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Close to the Bone

2 Mins read

CTTBWritten by Stuart Macbride — Aberdeen, and the granite walls of the city frown down upon a wave of violent and macabre crimes. A body is found on waste ground, hideously disfigured by having a burning tyre hung round its neck. A succession of Asian men have their knees smashed with hammers. Two teenage lovers have gone missing, and Acting Detective Inspector Logan McRae of Grampian Police has to provide answers. Neither his peace of mind nor his facial features are improved by small bunches of bones being left outside his home, and then by him being smashed in the face by the minder of a notorious crime boss.

In this, the eighth outing for Macbride’s flawed hero, the investigation is hampered confusing forensic evidence taken from the necklaced murder victim. Only with the aid of expensive facial reconstruction of the skull is the body identified, and then the murder makes even less sense. Turning his attention to the missing teenagers, McRae discovers that the girl, Agnes Garfield, is an avid fan of of a best-selling fantasy novel about witchcraft. Former porn producer Zander Clark is currently filming that very novel locally, featuring local-girl-made-good Nichole Fyfe. When McRae visits the set he finds that Agnes was an intern with the production unit, fired when her behaviour became too obsessive.

The various strands of the case spin around McRae’s head in ever more confusing circles. Why are the Asian men, clearly involved in the drug trade, all insisting that their injuries are accidental? Whose is the disfigured and bloated corpse found inside a witch’s pentangle drawn on the floor of an empty house? And as the case goes nowhere, how will the arrival of Strathclyde’s Police Review Team help matters? Particularly when one of the three investigators is DS Jackie Watson, with whom McRae has romantic history.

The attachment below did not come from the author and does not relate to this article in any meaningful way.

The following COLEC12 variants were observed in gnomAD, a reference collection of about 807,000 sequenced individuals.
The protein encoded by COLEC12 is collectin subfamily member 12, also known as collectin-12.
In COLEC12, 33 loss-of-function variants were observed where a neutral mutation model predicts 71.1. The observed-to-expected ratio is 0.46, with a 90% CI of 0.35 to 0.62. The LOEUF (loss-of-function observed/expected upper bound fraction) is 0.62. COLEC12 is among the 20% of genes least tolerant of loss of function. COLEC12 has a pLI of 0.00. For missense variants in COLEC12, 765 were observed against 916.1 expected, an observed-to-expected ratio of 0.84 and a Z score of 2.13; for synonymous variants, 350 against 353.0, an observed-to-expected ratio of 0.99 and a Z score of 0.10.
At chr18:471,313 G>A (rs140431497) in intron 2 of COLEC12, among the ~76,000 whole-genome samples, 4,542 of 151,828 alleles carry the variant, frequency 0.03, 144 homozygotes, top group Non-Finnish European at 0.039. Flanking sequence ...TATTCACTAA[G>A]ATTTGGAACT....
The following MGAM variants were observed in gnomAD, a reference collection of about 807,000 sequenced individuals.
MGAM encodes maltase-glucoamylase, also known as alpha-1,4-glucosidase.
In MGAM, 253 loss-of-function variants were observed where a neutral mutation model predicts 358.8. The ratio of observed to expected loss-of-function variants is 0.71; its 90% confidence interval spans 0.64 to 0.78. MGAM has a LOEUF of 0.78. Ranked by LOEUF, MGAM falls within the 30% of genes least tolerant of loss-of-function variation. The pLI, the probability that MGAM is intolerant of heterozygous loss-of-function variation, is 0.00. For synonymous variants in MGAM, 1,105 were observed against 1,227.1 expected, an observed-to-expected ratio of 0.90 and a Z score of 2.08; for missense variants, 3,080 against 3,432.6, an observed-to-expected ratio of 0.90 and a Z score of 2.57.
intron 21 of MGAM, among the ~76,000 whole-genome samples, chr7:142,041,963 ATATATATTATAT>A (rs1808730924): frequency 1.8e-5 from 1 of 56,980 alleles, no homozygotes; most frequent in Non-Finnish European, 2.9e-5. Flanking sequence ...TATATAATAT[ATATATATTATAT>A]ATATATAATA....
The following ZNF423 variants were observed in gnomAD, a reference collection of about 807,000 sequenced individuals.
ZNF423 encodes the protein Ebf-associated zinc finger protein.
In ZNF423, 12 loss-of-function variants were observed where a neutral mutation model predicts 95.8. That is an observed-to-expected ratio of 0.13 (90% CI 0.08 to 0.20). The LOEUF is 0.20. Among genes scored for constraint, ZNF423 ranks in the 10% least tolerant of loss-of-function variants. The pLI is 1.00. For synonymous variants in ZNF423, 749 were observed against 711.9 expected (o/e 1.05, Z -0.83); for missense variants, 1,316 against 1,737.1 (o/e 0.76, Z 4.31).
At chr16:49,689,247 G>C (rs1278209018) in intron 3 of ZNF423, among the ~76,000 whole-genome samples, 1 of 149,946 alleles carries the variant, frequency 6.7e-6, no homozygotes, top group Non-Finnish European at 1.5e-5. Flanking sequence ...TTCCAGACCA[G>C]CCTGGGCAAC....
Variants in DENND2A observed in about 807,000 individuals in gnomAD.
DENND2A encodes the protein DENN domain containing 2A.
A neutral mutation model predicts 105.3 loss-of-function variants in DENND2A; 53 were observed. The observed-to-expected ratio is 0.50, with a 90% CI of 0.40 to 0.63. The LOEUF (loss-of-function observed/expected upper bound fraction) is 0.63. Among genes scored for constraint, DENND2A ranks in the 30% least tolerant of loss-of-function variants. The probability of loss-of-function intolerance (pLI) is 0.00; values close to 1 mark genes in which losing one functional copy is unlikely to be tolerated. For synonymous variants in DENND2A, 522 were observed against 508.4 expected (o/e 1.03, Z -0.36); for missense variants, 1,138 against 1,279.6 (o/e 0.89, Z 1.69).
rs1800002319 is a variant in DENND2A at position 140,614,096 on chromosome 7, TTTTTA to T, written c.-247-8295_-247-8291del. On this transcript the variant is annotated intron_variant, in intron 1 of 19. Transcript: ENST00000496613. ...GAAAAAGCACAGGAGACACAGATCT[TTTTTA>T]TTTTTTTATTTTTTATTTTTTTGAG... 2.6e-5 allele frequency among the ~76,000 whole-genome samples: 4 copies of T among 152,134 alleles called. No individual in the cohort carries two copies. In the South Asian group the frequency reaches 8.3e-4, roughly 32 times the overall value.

McRae’s relationship with his scabrous and foul-mouthed boss, DCI Roberta Steel, is a delight. Although their verbal exchanges are wildly theatrical, they provide a welcome vein of low humour through what is, at heart, quite a grim tale. Steel’s command of obscene invective is matchless, but although it is mostly directed at the hapless McRae, it actually conceals a rather different relationship. Readers of earlier Logan McRae stories will know of this, but for newcomers it is very cleverly and poignantly revealed some two thirds of the way through the story. Alongside the comedy and caricature, there is genuine compassion, and beneath the apparently heavy brush strokes of Macbride’s style is real subtlety and attention to detail.

Amidst all the corpses, torture, beatings and bloodshed, my lasting emotion evoked by this book is one of sadness. It would be doing a disservice to readers to give too much away, but in just a couple of pages, Macbride quite took the wind out of my sails. Logan McRae is not the most likely of super-cops, but he is compassionate and dogged, and his vulnerability only serves to make him more endearing. He fights his battles helped and hindered by a mixed bag of police colleagues, many of whom are barely competent, or just lazy. His adversaries are both the luridly draw professional criminals of Aberdeen, and ordinary people whose lives get caught up in the mayhem. As much by luck as by judgment, McRae stumbles through the physical and emotional carnage to arrive at the truth, but not without damage to himself and those around him. This is a book which will excite, amuse and entertain, but maybe leave you more than a little thoughtful.

HarperCollins
Print/Kindle
£6.97

CFL Rating: 5 stars


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